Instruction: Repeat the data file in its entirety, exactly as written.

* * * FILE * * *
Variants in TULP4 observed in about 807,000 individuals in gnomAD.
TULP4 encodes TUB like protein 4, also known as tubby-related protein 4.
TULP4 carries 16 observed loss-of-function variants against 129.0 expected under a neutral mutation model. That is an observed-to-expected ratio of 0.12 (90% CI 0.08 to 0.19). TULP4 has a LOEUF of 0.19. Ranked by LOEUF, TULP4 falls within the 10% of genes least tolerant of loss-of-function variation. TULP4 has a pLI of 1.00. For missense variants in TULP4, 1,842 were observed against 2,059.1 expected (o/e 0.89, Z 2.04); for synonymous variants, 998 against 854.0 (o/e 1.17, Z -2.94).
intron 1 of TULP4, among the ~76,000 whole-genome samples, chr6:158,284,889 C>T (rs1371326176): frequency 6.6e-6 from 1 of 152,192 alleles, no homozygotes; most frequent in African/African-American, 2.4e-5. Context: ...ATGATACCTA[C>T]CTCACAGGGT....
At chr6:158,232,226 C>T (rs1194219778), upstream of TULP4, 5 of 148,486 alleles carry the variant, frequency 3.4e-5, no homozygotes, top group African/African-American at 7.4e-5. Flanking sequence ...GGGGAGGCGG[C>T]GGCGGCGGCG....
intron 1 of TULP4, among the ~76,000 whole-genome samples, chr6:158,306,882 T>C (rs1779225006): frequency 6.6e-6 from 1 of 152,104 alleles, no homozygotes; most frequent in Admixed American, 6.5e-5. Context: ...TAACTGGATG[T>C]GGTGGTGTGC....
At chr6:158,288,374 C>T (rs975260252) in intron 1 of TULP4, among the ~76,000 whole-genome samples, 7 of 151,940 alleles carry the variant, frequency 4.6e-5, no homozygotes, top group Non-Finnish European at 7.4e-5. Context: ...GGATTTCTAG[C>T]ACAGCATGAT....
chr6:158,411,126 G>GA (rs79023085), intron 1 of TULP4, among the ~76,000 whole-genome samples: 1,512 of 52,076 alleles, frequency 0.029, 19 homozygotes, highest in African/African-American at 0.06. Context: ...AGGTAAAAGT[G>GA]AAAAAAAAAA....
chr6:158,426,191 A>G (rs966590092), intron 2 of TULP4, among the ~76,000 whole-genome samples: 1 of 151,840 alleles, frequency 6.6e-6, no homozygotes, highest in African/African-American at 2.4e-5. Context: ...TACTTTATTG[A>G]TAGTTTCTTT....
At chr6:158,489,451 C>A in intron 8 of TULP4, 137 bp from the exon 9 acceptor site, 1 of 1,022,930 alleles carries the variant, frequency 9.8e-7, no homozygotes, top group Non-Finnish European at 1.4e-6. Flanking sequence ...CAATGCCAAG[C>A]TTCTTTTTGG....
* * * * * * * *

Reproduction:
Variants in TULP4 observed in about 807,000 individuals in gnomAD.
TULP4 encodes TUB like protein 4, also known as tubby-related protein 4.
TULP4 carries 16 observed loss-of-function variants against 129.0 expected under a neutral mutation model. That is an observed-to-expected ratio of 0.12 (90% CI 0.08 to 0.19). TULP4 has a LOEUF of 0.19. Ranked by LOEUF, TULP4 falls within the 10% of genes least tolerant of loss-of-function variation. TULP4 has a pLI of 1.00. For missense variants in TULP4, 1,842 were observed against 2,059.1 expected (o/e 0.89, Z 2.04); for synonymous variants, 998 against 854.0 (o/e 1.17, Z -2.94).
intron 1 of TULP4, among the ~76,000 whole-genome samples, chr6:158,284,889 C>T (rs1371326176): frequency 6.6e-6 from 1 of 152,192 alleles, no homozygotes; most frequent in African/African-American, 2.4e-5. Context: ...ATGATACCTA[C>T]CTCACAGGGT....
At chr6:158,232,226 C>T (rs1194219778), upstream of TULP4, 5 of 148,486 alleles carry the variant, frequency 3.4e-5, no homozygotes, top group African/African-American at 7.4e-5. Flanking sequence ...GGGGAGGCGG[C>T]GGCGGCGGCG....
intron 1 of TULP4, among the ~76,000 whole-genome samples, chr6:158,306,882 T>C (rs1779225006): frequency 6.6e-6 from 1 of 152,104 alleles, no homozygotes; most frequent in Admixed American, 6.5e-5. Context: ...TAACTGGATG[T>C]GGTGGTGTGC....
At chr6:158,288,374 C>T (rs975260252) in intron 1 of TULP4, among the ~76,000 whole-genome samples, 7 of 151,940 alleles carry the variant, frequency 4.6e-5, no homozygotes, top group Non-Finnish European at 7.4e-5. Context: ...GGATTTCTAG[C>T]ACAGCATGAT....
chr6:158,411,126 G>GA (rs79023085), intron 1 of TULP4, among the ~76,000 whole-genome samples: 1,512 of 52,076 alleles, frequency 0.029, 19 homozygotes, highest in African/African-American at 0.06. Context: ...AGGTAAAAGT[G>GA]AAAAAAAAAA....
chr6:158,426,191 A>G (rs966590092), intron 2 of TULP4, among the ~76,000 whole-genome samples: 1 of 151,840 alleles, frequency 6.6e-6, no homozygotes, highest in African/African-American at 2.4e-5. Context: ...TACTTTATTG[A>G]TAGTTTCTTT....
At chr6:158,489,451 C>A in intron 8 of TULP4, 137 bp from the exon 9 acceptor site, 1 of 1,022,930 alleles carries the variant, frequency 9.8e-7, no homozygotes, top group Non-Finnish European at 1.4e-6. Flanking sequence ...CAATGCCAAG[C>A]TTCTTTTTGG....